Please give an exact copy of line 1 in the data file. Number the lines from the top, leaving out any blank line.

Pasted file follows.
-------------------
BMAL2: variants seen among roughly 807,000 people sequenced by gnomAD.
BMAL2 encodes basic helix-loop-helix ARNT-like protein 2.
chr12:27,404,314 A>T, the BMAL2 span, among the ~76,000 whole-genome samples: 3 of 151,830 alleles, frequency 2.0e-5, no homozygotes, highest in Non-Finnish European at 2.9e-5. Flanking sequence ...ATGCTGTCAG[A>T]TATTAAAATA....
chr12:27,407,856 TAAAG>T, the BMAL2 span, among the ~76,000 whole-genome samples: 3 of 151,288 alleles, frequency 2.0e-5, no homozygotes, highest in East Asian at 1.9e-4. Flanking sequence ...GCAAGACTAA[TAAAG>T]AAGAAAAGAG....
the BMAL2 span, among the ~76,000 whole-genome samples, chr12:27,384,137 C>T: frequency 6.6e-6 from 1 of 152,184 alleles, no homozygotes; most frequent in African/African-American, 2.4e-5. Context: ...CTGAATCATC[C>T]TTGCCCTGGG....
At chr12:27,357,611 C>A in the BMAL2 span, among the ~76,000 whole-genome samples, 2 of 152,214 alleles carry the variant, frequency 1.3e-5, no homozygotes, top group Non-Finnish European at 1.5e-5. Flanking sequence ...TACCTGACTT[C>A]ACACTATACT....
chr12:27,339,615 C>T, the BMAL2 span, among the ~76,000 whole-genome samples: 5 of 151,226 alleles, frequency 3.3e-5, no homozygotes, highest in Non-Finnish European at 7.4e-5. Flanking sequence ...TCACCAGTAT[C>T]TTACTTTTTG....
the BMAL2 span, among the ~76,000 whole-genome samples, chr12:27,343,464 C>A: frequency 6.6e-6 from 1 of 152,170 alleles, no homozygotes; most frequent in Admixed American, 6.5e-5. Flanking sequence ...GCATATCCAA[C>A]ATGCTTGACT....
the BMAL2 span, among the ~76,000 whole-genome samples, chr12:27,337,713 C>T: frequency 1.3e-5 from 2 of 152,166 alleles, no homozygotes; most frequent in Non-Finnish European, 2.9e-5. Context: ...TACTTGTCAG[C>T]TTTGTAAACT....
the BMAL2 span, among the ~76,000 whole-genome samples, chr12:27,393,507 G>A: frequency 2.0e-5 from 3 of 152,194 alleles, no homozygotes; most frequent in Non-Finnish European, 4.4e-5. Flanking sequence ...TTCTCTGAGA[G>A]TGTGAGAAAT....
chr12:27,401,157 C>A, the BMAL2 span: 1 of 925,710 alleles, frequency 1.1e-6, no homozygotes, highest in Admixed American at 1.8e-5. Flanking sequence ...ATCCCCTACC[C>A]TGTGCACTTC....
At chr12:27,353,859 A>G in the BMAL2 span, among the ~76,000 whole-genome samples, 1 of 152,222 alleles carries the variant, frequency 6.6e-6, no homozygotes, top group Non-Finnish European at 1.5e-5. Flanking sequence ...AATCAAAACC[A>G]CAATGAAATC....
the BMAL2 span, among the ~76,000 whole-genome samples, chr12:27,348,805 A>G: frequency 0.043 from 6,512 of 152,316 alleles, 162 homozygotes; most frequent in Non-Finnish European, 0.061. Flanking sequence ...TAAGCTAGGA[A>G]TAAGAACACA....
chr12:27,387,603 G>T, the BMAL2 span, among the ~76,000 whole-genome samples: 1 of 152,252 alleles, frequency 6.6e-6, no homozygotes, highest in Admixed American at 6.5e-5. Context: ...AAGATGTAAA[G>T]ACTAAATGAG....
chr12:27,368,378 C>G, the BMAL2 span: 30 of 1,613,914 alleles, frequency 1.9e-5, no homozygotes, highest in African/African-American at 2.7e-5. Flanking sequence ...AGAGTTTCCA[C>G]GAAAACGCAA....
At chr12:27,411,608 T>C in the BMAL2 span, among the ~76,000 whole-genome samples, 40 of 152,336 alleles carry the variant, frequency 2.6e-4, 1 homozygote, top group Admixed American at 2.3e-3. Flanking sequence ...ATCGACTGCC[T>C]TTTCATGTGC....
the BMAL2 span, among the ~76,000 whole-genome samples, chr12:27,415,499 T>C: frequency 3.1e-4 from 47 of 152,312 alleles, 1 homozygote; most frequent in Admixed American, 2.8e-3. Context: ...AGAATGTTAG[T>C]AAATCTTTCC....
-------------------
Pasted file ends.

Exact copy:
BMAL2: variants seen among roughly 807,000 people sequenced by gnomAD.